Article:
Showing progress for my EYFS SEND cohort and what I should do for OFSTED
I worked in a special needs school for the 11 years, the last 7 of those as Deputy head teacher and Early Years coordinator. I am now an SEND Advisor and Outreach teacher.
Reporting the progress of children who have a diagnosis of special needs has long provided a concern for nursery managers or EYFS leaders, particularly when a visit from OFSTED is due. For children with severe learning difficulties, using typical methods of assessment can suggest minimal if not zero progress across a year. Since Development Matters was introduced there have been many settings that suggested alternative approaches, showing smaller steps of development were necessary, particularly in the birth to two range. Unfortunately, the reasons for wanting this ‘data’ were generally to satisfy visitors who were looking to gauge the impact and quality of the provision. Thankfully with the recent changes to Ofsted’s framework, this should no longer be the case. However, it is not to say that practitioners should not strive to have a better understanding of typical development in very young babies and toddlers, to enhance their own understanding of what to expect and when.
When my school started to develop their new assessment framework in 2015, they wanted to provide staff with a clear overview of typical development from birth to five years. They felt it was vital that adults working with children with additional needs (often very complex), in a play-based environment, knew the key milestones that would give the children the building blocks to make further progress in their learning. Although the school is a specialist setting, local nurseries and schools started to show an interest in this new tool, as they felt it bridged gaps in their existing assessment systems.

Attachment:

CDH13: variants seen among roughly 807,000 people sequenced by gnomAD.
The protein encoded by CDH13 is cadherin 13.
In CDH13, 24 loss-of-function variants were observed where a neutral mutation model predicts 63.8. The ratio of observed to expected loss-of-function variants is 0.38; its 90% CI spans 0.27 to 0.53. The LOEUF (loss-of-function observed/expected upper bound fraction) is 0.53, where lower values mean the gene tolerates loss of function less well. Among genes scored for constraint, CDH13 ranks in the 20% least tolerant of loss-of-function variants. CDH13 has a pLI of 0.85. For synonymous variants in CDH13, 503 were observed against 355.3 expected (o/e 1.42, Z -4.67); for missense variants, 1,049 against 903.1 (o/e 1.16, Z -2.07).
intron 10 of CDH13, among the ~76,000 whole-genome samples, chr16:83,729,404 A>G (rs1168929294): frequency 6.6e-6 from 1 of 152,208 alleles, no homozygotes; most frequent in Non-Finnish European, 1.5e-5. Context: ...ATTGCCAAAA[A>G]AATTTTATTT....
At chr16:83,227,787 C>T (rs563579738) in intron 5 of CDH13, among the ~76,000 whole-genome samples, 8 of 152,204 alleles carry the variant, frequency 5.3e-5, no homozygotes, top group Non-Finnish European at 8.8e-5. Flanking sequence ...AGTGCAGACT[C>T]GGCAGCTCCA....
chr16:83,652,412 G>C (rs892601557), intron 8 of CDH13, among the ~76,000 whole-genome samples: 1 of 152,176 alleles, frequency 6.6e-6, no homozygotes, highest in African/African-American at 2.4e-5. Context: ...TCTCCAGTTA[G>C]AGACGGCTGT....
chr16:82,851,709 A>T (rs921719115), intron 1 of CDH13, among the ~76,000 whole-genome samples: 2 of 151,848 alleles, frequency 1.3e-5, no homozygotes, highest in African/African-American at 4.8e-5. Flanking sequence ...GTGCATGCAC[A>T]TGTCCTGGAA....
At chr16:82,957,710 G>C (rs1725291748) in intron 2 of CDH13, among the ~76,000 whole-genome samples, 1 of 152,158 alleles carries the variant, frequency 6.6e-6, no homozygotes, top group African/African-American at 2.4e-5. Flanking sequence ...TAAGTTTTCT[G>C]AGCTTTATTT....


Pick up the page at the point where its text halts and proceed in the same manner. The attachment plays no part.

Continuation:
The concept we came up with was a one-page document for each curriculum area that provided staff with an overview of typical development in that area. These ‘Maps’ were created with the intention that a child could be assessed quickly in different ‘Strands’ that featured on the document. The thinking was that every child’s route through the map would be unique, and that there was no expectation for typical ‘linear’ progress. This child-centred approach was deliberately established to move away from the standard ‘box ticking’ methods that had become commonplace for children with additional needs, and that often led to teachers planning activities for a child purely with the intention of ticking the next statement off a list.
Implementing a new assessment system alone, isn’t going to fix or ‘patch-up’ underlying issues when it comes to provision for SEND. It is important that the tool is used to support an effective Assess, Plan, Do, Review model, and that systems are in place that are understood and consistently applied across the nursery or school. The shift from a data analysis model at Ofsted means that the focus is much more significant on the actual quality of provision. Although they will not want to necessarily see progress data, they will want to know what systems are in place to monitor the progress of your children, and that these systems are effective. This helps hugely when it comes to moving to a more child centred approach for your SEND cohort. As senior leaders, communication with teaching staff has also become much more important when it comes to progress. It is essential that leaders know how well children are progressing, and what input is being provided for those that are struggling. Whereas previously a leadership team could monitor the data, this is no longer necessarily the case. In order to plug this gap, we introduced termly catch up meetings with teachers to specifically focus on progress, and to find out how staff teams were providing additional support for those who needed it.
We implemented our new systems fully in September 2018, completely abandoning the data approach to pupil progress that we had previously used. We were visited by OFSTED in June 2019, and maintained our ‘Outstanding’ rating. Ofsted had the following to say about the new systems:
Since the last inspection, a very clear system is in place to collect information about, monitor and make best use of pupils’ progress to support their next steps of learning. Both the curriculum and assessment models which the school use are interlinked and provide a strong framework for capturing pupils’ progress. Parental engagement with these systems is also very strong, which further enhances the evidence base and next steps for pupils’ progress linking both school and home cohesively.